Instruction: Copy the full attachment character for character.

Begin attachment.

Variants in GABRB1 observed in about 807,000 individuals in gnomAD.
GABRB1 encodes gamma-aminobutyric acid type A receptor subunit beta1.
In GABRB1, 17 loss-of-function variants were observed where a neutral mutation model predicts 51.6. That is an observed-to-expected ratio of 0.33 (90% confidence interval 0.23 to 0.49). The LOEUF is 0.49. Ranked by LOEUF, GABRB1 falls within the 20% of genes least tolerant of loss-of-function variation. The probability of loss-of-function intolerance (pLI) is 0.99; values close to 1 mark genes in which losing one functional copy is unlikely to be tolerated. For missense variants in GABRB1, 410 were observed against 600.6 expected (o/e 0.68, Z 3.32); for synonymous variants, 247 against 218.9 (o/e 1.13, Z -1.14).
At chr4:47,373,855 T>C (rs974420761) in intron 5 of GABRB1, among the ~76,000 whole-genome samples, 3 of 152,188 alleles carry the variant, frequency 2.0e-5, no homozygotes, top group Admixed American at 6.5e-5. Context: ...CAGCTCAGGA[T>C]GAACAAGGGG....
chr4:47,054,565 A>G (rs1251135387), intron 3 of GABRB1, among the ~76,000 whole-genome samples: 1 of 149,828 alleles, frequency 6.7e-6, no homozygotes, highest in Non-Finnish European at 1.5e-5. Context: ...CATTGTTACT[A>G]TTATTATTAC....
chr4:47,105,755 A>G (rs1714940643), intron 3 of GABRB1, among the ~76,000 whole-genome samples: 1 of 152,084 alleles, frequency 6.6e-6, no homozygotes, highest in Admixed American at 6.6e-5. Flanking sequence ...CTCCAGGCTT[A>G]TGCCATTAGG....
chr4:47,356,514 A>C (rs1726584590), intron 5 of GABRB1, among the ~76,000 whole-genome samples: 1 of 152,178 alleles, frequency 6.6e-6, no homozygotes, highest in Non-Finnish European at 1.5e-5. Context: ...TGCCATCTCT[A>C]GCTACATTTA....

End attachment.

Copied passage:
Variants in GABRB1 observed in about 807,000 individuals in gnomAD.
GABRB1 encodes gamma-aminobutyric acid type A receptor subunit beta1.
In GABRB1, 17 loss-of-function variants were observed where a neutral mutation model predicts 51.6. That is an observed-to-expected ratio of 0.33 (90% confidence interval 0.23 to 0.49). The LOEUF is 0.49. Ranked by LOEUF, GABRB1 falls within the 20% of genes least tolerant of loss-of-function variation. The probability of loss-of-function intolerance (pLI) is 0.99; values close to 1 mark genes in which losing one functional copy is unlikely to be tolerated. For missense variants in GABRB1, 410 were observed against 600.6 expected (o/e 0.68, Z 3.32); for synonymous variants, 247 against 218.9 (o/e 1.13, Z -1.14).
At chr4:47,373,855 T>C (rs974420761) in intron 5 of GABRB1, among the ~76,000 whole-genome samples, 3 of 152,188 alleles carry the variant, frequency 2.0e-5, no homozygotes, top group Admixed American at 6.5e-5. Context: ...CAGCTCAGGA[T>C]GAACAAGGGG....
chr4:47,054,565 A>G (rs1251135387), intron 3 of GABRB1, among the ~76,000 whole-genome samples: 1 of 149,828 alleles, frequency 6.7e-6, no homozygotes, highest in Non-Finnish European at 1.5e-5. Context: ...CATTGTTACT[A>G]TTATTATTAC....
chr4:47,105,755 A>G (rs1714940643), intron 3 of GABRB1, among the ~76,000 whole-genome samples: 1 of 152,084 alleles, frequency 6.6e-6, no homozygotes, highest in Admixed American at 6.6e-5. Flanking sequence ...CTCCAGGCTT[A>G]TGCCATTAGG....
chr4:47,356,514 A>C (rs1726584590), intron 5 of GABRB1, among the ~76,000 whole-genome samples: 1 of 152,178 alleles, frequency 6.6e-6, no homozygotes, highest in Non-Finnish European at 1.5e-5. Context: ...TGCCATCTCT[A>C]GCTACATTTA....